The new UK factory should enable closer collaboration between design and production

The new UK factory should enable closer collaboration between design and production

Boohoo should be applauded for its proposed UK model factory – and the initiative should provide inspiration to other retailers and brands considering investing in their own domestic supply chains.

Doug Miller and Nikolaus Hammer have argued that Boohoo's proposed model factory is too small to create the much-needed structural change in the industry. They think the "cutthroat environment" is too dominant and that a better route to upgrade our manufacturing sector is to promote joint-ownership of a "super factory." However, this is unfair on Boohoo as the rationale for the model factory is not to achieve structural change throughout the industry.

When I first read about Boohoo's plans, I welcomed them, as I have argued for many years that what we need in the UK are retailers prepared to invest in their supplier-base. What we have done over the past 30 years is to drive a wedge between retail/brands and their supply chains. We have seen retail drained of garment and manufacturing technology expertise. This has been the consequence of globalisation: outsourcing spinning, fabric construction, dyeing and finishing, and labour-intensive garment making.  

Some retailers and brands retained the ability to develop garment prototypes, but even this was vulnerable to cost-saving measures linked to globalisation. The work of designers has become divorced from pattern construction and garment assembly – prototypes are made by manufacturers who have little or no contact with the people creating the concepts. Consequently, issues of sizing and fit are exercises in making samples that conform to specification. This changes the whole approach to design.

The Boohoo model factory has the potential to integrate the design and marketing functions with pattern technologists and those making up the products. Designers and technologists can communicate directly with factory personnel. This creates a rich environment for learning, for improvement, and for speeding up the process by avoiding mistakes and rework. Sample-makers are production workers using production machines, and they can have a significant input to the reduction of costs.

Whether Boohoo is thinking along these lines is uncertain. What we do know is that its buying, merchandising and design teams will be talking to people on the factory floor. This is said to promote a much deeper insight into manufacturing operations, to understand where costs are added and where efficiencies can be gained.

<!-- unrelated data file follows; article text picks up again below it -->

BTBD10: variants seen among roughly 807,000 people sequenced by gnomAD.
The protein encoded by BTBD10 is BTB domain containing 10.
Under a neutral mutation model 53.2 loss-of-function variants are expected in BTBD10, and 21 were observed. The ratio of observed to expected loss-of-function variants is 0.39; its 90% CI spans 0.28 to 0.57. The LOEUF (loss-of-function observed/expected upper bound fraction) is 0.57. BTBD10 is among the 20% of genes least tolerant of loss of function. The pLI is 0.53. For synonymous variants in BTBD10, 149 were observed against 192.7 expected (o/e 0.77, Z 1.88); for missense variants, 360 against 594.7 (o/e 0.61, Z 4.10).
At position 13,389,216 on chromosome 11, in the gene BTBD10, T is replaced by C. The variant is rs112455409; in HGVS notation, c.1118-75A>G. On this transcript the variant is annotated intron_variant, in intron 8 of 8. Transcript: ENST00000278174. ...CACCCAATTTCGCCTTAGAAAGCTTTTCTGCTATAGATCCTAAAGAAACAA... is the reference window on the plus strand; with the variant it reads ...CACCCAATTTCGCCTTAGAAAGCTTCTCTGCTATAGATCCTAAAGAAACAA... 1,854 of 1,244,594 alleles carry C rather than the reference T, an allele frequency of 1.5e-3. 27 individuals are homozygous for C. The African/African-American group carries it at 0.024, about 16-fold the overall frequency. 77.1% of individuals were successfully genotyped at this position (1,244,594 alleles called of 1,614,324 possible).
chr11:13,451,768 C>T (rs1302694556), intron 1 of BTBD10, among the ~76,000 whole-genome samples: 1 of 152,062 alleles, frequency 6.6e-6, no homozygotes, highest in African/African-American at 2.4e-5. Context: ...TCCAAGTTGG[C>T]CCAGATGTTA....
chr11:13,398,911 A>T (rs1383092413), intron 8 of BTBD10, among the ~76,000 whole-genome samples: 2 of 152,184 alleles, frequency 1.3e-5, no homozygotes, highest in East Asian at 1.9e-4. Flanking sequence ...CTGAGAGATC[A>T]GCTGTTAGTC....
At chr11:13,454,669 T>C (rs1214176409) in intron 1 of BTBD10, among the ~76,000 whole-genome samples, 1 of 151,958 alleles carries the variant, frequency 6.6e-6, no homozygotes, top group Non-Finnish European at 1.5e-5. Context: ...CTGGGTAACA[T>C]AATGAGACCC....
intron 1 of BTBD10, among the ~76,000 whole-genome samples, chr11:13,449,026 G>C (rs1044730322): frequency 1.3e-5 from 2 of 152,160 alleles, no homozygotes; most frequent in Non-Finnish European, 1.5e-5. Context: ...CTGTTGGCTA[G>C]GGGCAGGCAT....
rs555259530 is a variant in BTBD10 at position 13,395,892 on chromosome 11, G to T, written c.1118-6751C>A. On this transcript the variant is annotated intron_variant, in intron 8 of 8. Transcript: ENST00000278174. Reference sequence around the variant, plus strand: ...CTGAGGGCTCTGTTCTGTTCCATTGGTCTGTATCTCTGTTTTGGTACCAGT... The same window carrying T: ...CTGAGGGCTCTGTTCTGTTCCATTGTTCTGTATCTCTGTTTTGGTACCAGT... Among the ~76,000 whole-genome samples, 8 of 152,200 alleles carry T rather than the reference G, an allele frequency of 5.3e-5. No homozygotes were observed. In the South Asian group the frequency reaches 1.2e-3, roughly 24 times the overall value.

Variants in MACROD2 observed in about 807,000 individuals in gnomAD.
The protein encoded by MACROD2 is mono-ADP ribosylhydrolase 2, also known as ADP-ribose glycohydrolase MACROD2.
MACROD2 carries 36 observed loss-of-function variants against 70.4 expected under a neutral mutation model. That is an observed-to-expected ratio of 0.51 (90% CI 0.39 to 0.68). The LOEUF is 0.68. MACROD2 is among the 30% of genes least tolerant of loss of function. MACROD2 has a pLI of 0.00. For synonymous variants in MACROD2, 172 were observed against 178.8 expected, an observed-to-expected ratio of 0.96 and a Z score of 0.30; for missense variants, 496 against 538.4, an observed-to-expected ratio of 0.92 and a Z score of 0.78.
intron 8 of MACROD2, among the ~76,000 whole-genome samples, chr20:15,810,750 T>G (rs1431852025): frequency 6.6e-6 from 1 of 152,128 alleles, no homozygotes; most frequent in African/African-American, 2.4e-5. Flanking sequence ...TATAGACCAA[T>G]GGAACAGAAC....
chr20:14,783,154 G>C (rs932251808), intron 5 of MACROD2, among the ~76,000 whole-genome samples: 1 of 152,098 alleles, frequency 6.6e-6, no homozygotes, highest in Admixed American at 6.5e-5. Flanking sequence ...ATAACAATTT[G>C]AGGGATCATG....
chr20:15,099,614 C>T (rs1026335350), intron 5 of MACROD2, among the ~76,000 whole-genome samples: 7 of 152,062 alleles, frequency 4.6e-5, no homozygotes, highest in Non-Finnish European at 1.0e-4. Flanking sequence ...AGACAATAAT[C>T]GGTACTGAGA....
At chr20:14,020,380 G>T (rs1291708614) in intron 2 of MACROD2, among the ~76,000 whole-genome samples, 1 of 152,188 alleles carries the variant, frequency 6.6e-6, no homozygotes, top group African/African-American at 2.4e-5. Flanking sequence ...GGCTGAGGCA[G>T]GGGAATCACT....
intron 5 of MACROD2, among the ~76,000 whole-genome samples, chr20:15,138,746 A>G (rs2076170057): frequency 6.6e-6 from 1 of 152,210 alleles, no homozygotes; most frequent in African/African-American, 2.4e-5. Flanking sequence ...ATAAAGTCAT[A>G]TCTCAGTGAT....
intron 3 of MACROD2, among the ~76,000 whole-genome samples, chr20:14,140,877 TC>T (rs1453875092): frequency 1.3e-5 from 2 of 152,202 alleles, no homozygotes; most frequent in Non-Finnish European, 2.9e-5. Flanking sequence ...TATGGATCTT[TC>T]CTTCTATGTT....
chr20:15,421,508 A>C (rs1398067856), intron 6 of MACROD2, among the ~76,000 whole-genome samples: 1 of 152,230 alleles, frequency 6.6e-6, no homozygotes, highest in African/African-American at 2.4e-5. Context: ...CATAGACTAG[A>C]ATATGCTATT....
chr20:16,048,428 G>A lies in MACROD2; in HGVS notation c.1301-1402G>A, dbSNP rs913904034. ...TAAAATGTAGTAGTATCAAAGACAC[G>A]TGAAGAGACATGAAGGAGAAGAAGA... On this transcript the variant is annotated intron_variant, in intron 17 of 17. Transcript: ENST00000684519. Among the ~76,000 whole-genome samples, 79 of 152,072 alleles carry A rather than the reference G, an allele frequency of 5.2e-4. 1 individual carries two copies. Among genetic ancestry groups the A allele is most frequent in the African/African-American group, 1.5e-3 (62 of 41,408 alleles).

Boohoo acknowledges that the new factory will not replace the need for third-party suppliers, but is intended to catalyse change by demonstrating what is possible. The opportunity is there for teams to replace sewing lines for small-batch manufacture. Instead of rewarding speed, operators could be trained in good methods and rewarded for flexibility and increased responsibility. The quick response strategy that I and others were involved in during the 1990s has the potential to provide cost-effective ways of manufacturing small batches and fulfilling job specifications for employees.

This initiative by Boohoo should be applauded and let us hope other retailers and brands will consider investing in their own domestic supply chains. We need an industry where the design and marketing staff understand the technologies they are working with, and where the manufacturers are sensitive to what designers are setting out to achieve. We also need supply chains that are more resilient in the face of global pandemics, where a significant proportion of the sourcing is local. That's one lesson the Covid-19 PPE debacle demonstrates vividly.

David Tyler is Professor of Fashion Technologies at the Manchester Fashion Institute, Manchester Metropolitan University. His comments are in response to this article: Boohoo misses a trick with focus on one model factory